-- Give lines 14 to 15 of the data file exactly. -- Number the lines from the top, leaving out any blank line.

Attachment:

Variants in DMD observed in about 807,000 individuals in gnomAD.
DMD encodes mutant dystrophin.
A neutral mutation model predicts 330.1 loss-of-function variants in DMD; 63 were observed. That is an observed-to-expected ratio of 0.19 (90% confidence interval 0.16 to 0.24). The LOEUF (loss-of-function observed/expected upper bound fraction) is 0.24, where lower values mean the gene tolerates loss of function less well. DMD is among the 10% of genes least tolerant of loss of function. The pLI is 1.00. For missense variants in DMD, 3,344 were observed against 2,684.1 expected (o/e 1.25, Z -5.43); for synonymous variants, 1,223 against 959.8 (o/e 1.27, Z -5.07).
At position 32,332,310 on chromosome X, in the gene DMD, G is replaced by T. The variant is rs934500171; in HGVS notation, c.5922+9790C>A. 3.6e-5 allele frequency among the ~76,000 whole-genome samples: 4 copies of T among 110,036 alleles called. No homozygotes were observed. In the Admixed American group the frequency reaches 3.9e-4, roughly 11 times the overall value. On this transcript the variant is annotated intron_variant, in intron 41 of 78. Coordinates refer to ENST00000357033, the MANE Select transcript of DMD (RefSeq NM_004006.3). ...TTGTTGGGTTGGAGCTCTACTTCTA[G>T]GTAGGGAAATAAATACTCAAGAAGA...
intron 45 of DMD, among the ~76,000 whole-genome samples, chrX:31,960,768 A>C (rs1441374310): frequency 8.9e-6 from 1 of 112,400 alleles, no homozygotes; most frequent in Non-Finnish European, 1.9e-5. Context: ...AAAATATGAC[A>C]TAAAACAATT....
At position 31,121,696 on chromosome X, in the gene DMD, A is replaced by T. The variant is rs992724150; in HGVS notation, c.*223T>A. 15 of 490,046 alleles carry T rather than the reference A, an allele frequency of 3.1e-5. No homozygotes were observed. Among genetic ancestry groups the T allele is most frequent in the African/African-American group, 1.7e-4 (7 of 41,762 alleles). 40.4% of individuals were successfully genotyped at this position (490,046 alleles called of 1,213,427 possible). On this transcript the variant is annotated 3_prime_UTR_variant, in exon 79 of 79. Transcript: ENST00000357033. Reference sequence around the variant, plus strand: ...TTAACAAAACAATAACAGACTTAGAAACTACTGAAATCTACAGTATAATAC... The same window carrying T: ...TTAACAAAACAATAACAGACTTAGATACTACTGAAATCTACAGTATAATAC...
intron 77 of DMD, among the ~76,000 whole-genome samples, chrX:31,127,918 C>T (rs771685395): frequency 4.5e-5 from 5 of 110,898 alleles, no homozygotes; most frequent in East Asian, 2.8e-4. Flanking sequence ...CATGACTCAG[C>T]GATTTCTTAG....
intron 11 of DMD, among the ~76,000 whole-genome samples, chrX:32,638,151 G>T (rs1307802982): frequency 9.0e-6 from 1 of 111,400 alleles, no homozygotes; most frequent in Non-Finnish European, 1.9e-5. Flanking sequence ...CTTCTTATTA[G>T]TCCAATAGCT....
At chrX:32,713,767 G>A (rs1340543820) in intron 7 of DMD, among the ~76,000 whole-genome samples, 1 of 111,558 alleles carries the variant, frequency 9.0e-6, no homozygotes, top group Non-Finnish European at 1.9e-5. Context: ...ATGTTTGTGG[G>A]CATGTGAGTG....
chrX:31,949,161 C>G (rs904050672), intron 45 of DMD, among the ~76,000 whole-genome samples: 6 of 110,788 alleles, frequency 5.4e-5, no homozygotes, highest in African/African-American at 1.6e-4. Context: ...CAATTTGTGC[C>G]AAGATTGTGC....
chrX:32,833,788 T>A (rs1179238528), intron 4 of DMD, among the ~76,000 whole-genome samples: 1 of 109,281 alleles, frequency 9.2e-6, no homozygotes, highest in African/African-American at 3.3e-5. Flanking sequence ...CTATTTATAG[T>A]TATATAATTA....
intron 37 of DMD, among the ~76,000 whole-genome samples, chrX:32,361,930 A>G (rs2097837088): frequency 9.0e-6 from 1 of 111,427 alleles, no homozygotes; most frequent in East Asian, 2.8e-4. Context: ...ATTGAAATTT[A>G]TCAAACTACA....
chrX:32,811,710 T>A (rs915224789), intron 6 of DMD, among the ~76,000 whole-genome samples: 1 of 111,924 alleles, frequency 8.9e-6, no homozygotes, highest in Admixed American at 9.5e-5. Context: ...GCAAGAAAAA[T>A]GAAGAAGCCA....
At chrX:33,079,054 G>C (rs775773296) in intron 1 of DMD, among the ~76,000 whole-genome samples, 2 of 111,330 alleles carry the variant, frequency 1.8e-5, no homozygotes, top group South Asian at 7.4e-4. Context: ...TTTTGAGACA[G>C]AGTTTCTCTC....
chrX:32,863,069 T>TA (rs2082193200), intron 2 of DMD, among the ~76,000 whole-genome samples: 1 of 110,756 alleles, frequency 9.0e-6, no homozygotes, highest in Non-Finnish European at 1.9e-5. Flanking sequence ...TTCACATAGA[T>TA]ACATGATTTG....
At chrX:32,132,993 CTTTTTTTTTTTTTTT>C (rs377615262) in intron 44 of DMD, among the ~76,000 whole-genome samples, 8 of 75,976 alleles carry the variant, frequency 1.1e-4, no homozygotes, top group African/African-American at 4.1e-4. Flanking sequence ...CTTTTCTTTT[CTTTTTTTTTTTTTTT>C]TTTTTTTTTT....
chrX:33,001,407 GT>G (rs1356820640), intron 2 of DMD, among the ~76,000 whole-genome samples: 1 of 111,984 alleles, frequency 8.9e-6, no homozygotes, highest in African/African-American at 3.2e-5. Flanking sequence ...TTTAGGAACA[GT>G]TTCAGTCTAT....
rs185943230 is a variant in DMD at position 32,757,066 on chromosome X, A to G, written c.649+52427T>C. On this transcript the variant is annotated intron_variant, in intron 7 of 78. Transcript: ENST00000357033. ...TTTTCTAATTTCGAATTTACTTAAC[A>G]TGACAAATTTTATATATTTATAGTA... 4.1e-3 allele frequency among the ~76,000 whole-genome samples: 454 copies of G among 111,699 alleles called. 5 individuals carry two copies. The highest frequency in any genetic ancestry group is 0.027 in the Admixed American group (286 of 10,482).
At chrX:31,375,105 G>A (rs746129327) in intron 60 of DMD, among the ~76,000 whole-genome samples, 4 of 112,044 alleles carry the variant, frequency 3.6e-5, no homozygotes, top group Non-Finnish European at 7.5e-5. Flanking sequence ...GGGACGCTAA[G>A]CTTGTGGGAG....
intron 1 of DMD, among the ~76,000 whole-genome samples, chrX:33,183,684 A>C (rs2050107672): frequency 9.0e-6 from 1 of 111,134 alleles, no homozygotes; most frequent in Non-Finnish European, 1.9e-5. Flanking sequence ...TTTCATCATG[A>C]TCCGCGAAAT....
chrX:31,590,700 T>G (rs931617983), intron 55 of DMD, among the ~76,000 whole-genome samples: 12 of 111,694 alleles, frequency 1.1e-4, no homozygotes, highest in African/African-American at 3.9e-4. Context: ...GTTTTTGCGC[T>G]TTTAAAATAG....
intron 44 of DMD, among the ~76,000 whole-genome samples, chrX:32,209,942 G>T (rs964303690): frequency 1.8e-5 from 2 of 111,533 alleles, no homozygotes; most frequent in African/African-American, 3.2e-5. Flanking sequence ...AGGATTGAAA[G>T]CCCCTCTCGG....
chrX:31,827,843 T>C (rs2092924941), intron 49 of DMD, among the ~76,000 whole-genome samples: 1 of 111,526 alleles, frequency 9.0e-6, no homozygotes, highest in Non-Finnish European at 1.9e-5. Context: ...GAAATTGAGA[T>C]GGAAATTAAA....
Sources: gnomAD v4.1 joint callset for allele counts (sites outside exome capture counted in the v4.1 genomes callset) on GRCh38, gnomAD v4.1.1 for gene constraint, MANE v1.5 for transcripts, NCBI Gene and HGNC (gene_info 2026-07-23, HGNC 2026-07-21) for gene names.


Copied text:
At chrX:33,079,054 G>C (rs775773296) in intron 1 of DMD, among the ~76,000 whole-genome samples, 2 of 111,330 alleles carry the variant, frequency 1.8e-5, no homozygotes, top group South Asian at 7.4e-4. Context: ...TTTTGAGACA[G>C]AGTTTCTCTC....
chrX:32,863,069 T>TA (rs2082193200), intron 2 of DMD, among the ~76,000 whole-genome samples: 1 of 110,756 alleles, frequency 9.0e-6, no homozygotes, highest in Non-Finnish European at 1.9e-5. Flanking sequence ...TTCACATAGA[T>TA]ACATGATTTG....